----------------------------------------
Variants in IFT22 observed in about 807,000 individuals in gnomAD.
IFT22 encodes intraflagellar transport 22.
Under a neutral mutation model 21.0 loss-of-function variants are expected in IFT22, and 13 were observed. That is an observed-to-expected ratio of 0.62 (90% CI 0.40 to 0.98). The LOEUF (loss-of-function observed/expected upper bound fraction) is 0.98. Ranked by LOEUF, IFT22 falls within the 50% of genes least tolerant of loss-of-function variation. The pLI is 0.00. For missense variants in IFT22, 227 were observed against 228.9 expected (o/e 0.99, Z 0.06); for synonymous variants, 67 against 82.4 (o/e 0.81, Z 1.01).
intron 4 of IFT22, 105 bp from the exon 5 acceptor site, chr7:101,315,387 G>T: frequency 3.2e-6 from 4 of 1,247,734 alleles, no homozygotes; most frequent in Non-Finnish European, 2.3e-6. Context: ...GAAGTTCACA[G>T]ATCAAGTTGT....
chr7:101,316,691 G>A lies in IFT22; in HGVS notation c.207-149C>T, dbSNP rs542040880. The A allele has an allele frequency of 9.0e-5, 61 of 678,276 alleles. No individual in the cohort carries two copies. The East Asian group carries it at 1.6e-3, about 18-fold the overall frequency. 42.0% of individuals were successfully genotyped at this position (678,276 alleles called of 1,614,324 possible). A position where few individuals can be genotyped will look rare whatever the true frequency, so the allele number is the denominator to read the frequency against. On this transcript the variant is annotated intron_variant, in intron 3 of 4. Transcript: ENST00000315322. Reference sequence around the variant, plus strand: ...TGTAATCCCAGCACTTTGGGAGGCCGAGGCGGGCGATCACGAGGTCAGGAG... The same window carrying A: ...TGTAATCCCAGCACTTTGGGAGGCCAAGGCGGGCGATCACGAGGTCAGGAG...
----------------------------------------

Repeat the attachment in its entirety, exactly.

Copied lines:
Variants in IFT22 observed in about 807,000 individuals in gnomAD.
IFT22 encodes intraflagellar transport 22.
Under a neutral mutation model 21.0 loss-of-function variants are expected in IFT22, and 13 were observed. That is an observed-to-expected ratio of 0.62 (90% CI 0.40 to 0.98). The LOEUF (loss-of-function observed/expected upper bound fraction) is 0.98. Ranked by LOEUF, IFT22 falls within the 50% of genes least tolerant of loss-of-function variation. The pLI is 0.00. For missense variants in IFT22, 227 were observed against 228.9 expected (o/e 0.99, Z 0.06); for synonymous variants, 67 against 82.4 (o/e 0.81, Z 1.01).
intron 4 of IFT22, 105 bp from the exon 5 acceptor site, chr7:101,315,387 G>T: frequency 3.2e-6 from 4 of 1,247,734 alleles, no homozygotes; most frequent in Non-Finnish European, 2.3e-6. Context: ...GAAGTTCACA[G>T]ATCAAGTTGT....
chr7:101,316,691 G>A lies in IFT22; in HGVS notation c.207-149C>T, dbSNP rs542040880. The A allele has an allele frequency of 9.0e-5, 61 of 678,276 alleles. No individual in the cohort carries two copies. The East Asian group carries it at 1.6e-3, about 18-fold the overall frequency. 42.0% of individuals were successfully genotyped at this position (678,276 alleles called of 1,614,324 possible). A position where few individuals can be genotyped will look rare whatever the true frequency, so the allele number is the denominator to read the frequency against. On this transcript the variant is annotated intron_variant, in intron 3 of 4. Transcript: ENST00000315322. Reference sequence around the variant, plus strand: ...TGTAATCCCAGCACTTTGGGAGGCCGAGGCGGGCGATCACGAGGTCAGGAG... The same window carrying A: ...TGTAATCCCAGCACTTTGGGAGGCCAAGGCGGGCGATCACGAGGTCAGGAG...